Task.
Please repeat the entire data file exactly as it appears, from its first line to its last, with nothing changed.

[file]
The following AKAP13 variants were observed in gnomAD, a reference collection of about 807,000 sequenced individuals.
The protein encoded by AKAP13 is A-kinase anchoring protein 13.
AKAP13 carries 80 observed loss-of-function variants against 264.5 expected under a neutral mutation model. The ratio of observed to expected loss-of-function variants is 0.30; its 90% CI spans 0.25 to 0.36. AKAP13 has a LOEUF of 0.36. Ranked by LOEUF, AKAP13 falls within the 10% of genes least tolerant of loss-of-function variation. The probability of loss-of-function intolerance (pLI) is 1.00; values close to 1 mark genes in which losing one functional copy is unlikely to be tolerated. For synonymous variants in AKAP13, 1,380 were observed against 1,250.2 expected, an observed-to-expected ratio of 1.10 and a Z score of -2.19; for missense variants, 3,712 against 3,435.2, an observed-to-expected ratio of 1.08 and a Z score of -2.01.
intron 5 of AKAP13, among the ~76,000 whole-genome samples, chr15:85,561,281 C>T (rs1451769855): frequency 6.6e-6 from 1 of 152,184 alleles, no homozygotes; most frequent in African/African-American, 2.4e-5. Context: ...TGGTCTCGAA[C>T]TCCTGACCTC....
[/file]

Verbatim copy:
The following AKAP13 variants were observed in gnomAD, a reference collection of about 807,000 sequenced individuals.
The protein encoded by AKAP13 is A-kinase anchoring protein 13.
AKAP13 carries 80 observed loss-of-function variants against 264.5 expected under a neutral mutation model. The ratio of observed to expected loss-of-function variants is 0.30; its 90% CI spans 0.25 to 0.36. AKAP13 has a LOEUF of 0.36. Ranked by LOEUF, AKAP13 falls within the 10% of genes least tolerant of loss-of-function variation. The probability of loss-of-function intolerance (pLI) is 1.00; values close to 1 mark genes in which losing one functional copy is unlikely to be tolerated. For synonymous variants in AKAP13, 1,380 were observed against 1,250.2 expected, an observed-to-expected ratio of 1.10 and a Z score of -2.19; for missense variants, 3,712 against 3,435.2, an observed-to-expected ratio of 1.08 and a Z score of -2.01.
intron 5 of AKAP13, among the ~76,000 whole-genome samples, chr15:85,561,281 C>T (rs1451769855): frequency 6.6e-6 from 1 of 152,184 alleles, no homozygotes; most frequent in African/African-American, 2.4e-5. Context: ...TGGTCTCGAA[C>T]TCCTGACCTC....